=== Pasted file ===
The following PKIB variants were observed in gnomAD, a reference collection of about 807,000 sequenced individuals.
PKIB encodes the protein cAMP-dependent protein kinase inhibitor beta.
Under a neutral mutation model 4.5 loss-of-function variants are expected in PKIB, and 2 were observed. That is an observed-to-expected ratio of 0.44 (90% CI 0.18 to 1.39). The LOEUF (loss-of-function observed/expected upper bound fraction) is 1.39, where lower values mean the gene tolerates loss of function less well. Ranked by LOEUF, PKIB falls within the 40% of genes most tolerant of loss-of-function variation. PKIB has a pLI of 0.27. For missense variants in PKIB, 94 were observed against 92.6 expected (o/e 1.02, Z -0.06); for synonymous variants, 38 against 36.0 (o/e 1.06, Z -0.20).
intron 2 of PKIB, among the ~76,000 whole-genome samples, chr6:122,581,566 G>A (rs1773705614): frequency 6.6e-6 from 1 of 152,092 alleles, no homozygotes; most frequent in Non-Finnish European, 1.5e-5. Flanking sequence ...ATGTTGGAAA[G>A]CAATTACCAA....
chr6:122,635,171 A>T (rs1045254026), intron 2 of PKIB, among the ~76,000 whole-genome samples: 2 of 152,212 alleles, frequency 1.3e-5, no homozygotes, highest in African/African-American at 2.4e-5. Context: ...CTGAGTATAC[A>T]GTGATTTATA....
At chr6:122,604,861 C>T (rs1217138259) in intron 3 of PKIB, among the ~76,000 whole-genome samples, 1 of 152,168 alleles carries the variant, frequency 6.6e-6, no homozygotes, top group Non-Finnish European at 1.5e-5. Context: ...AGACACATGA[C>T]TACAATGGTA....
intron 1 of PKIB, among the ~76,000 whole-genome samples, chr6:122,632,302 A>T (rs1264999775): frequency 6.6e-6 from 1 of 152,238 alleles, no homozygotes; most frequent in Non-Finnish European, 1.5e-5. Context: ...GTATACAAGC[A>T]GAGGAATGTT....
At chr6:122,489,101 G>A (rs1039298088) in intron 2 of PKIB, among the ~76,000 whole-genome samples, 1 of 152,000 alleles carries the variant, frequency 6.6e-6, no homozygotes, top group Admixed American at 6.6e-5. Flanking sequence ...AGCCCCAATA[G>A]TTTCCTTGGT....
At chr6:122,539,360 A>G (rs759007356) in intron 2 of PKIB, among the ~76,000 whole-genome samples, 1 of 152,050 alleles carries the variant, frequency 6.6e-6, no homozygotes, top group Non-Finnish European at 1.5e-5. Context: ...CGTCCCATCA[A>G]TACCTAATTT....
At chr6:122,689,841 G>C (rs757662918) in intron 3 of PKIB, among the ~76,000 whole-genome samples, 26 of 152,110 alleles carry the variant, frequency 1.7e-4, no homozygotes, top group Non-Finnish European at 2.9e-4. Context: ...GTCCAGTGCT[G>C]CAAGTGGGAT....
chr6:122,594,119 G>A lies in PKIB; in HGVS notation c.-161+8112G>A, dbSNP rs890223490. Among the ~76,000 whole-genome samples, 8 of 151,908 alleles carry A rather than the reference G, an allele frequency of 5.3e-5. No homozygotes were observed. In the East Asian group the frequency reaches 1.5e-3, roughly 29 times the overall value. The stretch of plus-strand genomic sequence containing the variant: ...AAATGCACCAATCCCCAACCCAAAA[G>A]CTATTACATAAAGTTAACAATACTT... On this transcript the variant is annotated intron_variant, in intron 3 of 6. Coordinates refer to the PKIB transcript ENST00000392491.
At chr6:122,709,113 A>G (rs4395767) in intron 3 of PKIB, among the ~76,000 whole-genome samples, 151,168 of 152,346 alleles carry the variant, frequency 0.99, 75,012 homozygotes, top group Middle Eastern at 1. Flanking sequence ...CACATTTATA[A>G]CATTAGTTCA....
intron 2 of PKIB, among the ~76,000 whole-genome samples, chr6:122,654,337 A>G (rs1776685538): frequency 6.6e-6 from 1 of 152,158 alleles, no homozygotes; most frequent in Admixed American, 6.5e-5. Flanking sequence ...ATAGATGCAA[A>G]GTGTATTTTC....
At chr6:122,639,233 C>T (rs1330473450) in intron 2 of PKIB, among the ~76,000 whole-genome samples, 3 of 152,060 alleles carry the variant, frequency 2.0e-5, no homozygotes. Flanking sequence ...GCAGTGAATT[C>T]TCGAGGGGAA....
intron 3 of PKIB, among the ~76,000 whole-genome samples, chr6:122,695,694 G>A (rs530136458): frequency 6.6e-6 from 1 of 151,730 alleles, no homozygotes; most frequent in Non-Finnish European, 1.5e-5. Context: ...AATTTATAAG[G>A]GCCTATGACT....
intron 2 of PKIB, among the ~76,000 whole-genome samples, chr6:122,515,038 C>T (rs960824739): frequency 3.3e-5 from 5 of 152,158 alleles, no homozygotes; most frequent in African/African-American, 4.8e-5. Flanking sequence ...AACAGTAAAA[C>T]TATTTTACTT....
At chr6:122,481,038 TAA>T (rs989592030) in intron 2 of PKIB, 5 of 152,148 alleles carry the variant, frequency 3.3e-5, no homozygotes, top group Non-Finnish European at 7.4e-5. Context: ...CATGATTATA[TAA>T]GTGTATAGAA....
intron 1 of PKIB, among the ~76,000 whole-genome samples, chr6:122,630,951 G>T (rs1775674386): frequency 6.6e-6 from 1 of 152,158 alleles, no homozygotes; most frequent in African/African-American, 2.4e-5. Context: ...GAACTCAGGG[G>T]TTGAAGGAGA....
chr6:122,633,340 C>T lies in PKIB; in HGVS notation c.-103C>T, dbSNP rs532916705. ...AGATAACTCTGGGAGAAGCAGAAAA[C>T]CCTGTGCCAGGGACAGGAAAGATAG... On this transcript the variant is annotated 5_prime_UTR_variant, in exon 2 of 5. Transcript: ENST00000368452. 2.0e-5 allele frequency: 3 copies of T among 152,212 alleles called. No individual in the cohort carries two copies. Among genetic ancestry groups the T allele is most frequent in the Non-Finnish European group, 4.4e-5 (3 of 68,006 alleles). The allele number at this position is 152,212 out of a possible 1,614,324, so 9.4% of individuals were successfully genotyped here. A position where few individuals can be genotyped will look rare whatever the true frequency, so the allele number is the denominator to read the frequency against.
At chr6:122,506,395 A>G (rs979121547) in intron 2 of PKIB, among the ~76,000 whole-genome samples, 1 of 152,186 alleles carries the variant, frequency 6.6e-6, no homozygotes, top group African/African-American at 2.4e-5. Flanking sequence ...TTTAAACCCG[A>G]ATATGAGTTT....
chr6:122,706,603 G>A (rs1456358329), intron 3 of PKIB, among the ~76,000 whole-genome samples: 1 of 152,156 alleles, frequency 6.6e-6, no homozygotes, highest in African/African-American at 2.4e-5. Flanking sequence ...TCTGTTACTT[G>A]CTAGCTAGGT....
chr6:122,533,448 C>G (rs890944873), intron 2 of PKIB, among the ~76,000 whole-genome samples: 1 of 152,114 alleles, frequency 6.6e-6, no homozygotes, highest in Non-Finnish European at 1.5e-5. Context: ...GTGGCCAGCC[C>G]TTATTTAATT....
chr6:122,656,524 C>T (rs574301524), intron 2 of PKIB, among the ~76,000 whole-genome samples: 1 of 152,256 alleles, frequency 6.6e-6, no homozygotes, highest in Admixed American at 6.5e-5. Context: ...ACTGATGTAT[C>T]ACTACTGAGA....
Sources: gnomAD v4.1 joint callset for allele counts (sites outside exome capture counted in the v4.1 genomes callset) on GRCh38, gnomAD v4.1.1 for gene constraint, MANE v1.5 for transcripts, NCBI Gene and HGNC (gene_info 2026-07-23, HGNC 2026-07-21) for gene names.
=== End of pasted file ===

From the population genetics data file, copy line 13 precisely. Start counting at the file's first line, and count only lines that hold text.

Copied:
intron 2 of PKIB, among the ~76,000 whole-genome samples, chr6:122,654,337 A>G (rs1776685538): frequency 6.6e-6 from 1 of 152,158 alleles, no homozygotes; most frequent in Admixed American, 6.5e-5. Flanking sequence ...ATAGATGCAA[A>G]GTGTATTTTC....